As recently as the 1980s the SA wine industry, extrapolating from the diversity of the Cape floral kingdom, suggested that most cultivars did well on most estates. As a corollary (so the story went) pretty much every vintage was as good as pretty much any other vintage. To be fair, some of the bigger family-owned properties did have most major cultivars planted, and produced reliably solid wines in most years. Some harvests were more difficult than others — but the European experience of the 1930s, 1950s and 1960s, when half the wines of the decade were largely written off — seemed a distant universe.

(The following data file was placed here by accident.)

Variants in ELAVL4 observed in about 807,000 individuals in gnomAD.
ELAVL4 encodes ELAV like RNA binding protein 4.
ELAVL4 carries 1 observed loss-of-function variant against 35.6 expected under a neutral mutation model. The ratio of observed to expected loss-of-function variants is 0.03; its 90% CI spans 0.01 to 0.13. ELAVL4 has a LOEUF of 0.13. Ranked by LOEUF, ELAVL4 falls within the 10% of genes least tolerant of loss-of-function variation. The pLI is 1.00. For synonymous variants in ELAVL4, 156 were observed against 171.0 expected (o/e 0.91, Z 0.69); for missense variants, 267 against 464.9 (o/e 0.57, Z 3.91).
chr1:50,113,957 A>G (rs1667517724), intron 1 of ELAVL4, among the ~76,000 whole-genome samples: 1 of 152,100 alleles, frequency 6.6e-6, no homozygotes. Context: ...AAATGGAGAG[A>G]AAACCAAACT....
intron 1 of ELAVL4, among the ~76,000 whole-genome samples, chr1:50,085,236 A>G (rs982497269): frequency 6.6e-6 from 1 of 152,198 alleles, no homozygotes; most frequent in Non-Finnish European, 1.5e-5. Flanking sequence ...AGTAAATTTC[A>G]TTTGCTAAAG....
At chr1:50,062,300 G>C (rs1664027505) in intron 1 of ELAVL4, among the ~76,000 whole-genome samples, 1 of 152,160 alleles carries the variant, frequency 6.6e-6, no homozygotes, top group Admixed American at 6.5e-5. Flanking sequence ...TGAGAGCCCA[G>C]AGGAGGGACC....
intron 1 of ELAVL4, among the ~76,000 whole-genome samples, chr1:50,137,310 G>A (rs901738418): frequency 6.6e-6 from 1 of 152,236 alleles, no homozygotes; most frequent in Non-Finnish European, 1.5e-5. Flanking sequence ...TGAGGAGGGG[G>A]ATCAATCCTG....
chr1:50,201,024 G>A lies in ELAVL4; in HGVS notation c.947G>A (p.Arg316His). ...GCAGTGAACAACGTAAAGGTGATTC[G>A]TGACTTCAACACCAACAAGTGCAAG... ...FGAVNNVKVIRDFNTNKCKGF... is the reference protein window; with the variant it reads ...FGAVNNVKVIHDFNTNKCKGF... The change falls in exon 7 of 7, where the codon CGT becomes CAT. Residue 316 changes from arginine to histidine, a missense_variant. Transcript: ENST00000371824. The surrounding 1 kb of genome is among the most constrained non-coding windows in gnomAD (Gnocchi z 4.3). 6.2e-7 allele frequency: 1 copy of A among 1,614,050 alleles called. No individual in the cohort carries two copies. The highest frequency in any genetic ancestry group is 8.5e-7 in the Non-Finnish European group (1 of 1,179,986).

Lately those responsible for promoting the various areas of origin have designed their narratives around more singular attributes. Elgin calls itself chardonnay country — even though it is home to some very good pinots and shirazes. Hemel-en-Aarde markets itself as the place of pinot, even though some of the Cape’s best chardonnays come from there. Constantia took the sauvignon b...

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